Third, June is the month of conferences. Things got off to an early start in May when I went to the IUG (Innovative Users Group) conference in San Francisco. The conference was good, and I was also happy to have the chance to meet up with one of my first college friends, Kimberly. Earlier this month, I went to the annual MOBIUS (Missouri Bibliographic Information User System) conference in Lake Ozark, MO. Spanning only two days, it was rather short and uneventful. Although, I did get to enjoy the Japanese garden at the Lodge of the Four Seasons where the conference was held and where I stayed. After that, I got to hold down the fort… er… library while several of my coworkers went to the ATLA (American Theological Library Association) conference. Finally, just last weekend I went up with some coworkers to the ALA (American Library Association) conference in Chicago for a day to see the vendor exhibits. The really fun part was getting to spend Friday evening with John & Ellise. We had an excellent dinner at the Red Star Tavern, enjoyed some of the Swedish Days festival in downtown Geneva, and then watched Shaun of the Dead.

Next on the schedule, I’ll be spending a good part of July editing an article for publication in Presbyterion, the seminary’s journal.

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The Library is quite the busy place this week—at least for me it is. This is Access residency week. For those of you who don’t know, Access is Covenant’s distance education program. During residency week, Access students come into town for a week of high intensity course work for which they’ve been preparing during the previous months. While they’re in town, it’s a good opportunity to give them an orientation to the services that the seminary offers to its students, including library privileges. Thus, being the librarian in charge of public services (reference, circulation, bibliographic instruction, database access, etc.) I had to give a presentation to the Access students at residency for the first time.

Now Per, my brilliant predecessor, having presented at this orientation numerous times in the past, left me the nice PowerPoint slideshow that he has refined over the years. Nevertheless, I felt it necessary to make a few changes—to personalize it to my style. The first order of business was to nix the animated screen shots and go to live demos. Second, I had to rearrange a few things to better fit my intended flow. Third, I needed a new design template, since the one Per had used screamed 1990’s (which is probably when he first made the presentation after all). None of the factory-installed design templates struck my fancy, so I ventured onto Microsoft Office Online where I found a nice design featuring a stack of books—rather appropriate for a library, I thought. With a new, more contemporary design template featuring subtler, more natural coloration and a photographic accent, my PowerPoint slideshow was ready to go—and just in nick of time too!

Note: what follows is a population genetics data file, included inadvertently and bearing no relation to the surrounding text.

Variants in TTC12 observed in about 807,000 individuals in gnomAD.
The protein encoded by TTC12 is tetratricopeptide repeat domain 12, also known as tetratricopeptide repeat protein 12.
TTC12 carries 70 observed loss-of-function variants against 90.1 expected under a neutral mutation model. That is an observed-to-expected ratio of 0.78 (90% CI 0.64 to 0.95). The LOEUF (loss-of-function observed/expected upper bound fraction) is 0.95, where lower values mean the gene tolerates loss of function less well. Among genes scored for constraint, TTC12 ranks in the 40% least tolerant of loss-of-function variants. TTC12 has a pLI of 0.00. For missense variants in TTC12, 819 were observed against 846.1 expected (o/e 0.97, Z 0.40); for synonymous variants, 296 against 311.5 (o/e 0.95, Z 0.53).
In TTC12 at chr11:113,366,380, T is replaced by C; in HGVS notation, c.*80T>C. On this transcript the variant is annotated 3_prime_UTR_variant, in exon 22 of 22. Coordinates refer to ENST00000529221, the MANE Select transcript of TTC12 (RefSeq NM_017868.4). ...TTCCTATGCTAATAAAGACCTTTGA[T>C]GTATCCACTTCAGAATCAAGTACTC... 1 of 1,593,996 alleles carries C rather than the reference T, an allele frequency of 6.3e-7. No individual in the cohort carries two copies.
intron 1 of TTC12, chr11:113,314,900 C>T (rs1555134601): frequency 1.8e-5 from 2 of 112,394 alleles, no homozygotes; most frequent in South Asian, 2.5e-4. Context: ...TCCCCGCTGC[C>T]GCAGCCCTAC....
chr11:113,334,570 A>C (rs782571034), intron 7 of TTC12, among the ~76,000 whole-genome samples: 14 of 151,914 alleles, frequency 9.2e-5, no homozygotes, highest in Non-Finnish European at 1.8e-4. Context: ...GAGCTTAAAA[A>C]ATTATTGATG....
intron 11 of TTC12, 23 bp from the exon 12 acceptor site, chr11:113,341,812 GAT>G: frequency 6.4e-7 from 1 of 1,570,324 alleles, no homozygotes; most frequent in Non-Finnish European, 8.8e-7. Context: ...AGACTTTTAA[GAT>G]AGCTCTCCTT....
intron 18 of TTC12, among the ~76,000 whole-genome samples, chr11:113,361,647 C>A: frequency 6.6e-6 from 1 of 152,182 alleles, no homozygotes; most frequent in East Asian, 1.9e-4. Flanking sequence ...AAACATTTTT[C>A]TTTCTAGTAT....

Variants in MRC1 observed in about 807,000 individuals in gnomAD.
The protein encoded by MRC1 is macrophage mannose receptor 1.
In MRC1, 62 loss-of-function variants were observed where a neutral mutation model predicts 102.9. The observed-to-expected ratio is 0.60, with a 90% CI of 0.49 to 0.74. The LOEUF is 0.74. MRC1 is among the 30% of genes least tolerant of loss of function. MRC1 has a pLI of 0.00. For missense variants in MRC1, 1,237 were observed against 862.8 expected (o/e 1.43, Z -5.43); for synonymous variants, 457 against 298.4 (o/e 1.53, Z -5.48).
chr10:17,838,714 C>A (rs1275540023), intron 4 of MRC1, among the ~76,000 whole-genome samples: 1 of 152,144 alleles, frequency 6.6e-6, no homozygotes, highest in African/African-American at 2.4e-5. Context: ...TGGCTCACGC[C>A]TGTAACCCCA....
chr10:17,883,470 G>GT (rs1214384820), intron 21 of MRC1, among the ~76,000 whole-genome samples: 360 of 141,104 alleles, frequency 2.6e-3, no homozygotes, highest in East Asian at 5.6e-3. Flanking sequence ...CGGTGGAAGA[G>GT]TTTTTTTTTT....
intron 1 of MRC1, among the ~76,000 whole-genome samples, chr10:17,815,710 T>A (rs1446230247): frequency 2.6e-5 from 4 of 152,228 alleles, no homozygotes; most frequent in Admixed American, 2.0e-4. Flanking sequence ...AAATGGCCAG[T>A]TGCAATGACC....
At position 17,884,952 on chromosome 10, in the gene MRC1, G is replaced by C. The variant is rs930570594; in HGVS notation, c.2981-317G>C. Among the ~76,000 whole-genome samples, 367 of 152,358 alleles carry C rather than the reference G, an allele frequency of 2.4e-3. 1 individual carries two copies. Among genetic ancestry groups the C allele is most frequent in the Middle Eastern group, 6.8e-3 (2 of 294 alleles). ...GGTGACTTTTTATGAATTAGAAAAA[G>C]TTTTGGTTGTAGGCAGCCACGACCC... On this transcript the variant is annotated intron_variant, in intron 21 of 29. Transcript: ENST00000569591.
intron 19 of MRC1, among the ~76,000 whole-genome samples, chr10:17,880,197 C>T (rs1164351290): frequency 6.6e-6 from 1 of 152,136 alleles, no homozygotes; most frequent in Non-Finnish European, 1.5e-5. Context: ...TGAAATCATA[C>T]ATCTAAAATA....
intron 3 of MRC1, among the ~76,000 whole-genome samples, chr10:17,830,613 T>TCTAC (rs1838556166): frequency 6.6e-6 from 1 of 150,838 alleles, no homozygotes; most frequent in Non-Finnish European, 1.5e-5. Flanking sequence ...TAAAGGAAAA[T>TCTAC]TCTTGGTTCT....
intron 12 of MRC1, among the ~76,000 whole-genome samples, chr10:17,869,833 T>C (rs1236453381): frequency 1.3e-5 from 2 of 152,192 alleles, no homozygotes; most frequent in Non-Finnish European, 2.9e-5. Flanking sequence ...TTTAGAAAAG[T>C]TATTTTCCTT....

I was pleased with how well the presentation went. I had to go pretty quick, but I managed to cover all the basics and I also answered quite a few follow-up questions along the way. The next day I had the opportunity to have lunch with the Access students, and many of them expressed their appreciation for my presentation. I was glad for the positive feedback.

Back home, I decided that I liked the design template that I had found so much that I wanted it on my home computers. I launched PowerPoint, but found that Office Online wasn’t as nicely integrated on the Mac as I had remembered it being on Windows at work. First, I tried Mactopia, Microsoft’s Mac specific website, but I couldn’t turn up any templates that were not already installed on my computer. I then ventured over to the generic Office site (where every page informs you that you are using an unsupported browser unless you are using IE… grrrr). I tracked down the template and downloaded it. However, when I tried to open the compressed file, I found that it was a .cab file that Stuffit Expander couldn’t open despite the nice Stuffit-style icon that had been assigned to it.

Not to be deterred, I headed over to Mac OS X Hints, where I found just the hint I was looking for. Someone had written in some time ago about an open-source, command-line .cab utility (although no executable binary was available, and it had to be built from the source code). In addition, much to my delight, one of the comments on the hint was someone announcing that he was going to put together a package for Fink. I launched FinkCommander, found cabextract, and installed it. Sure enough, cabextract did the trick. It opened the .cab file and I had my template. I just had to give it a sensible name (and appropriate file type and creator codes for good measure), and I was ready to go. The only snag is that I haven’t been able to figure out how to get the template to show up in the formatting palette along with the default templates. Hmmm…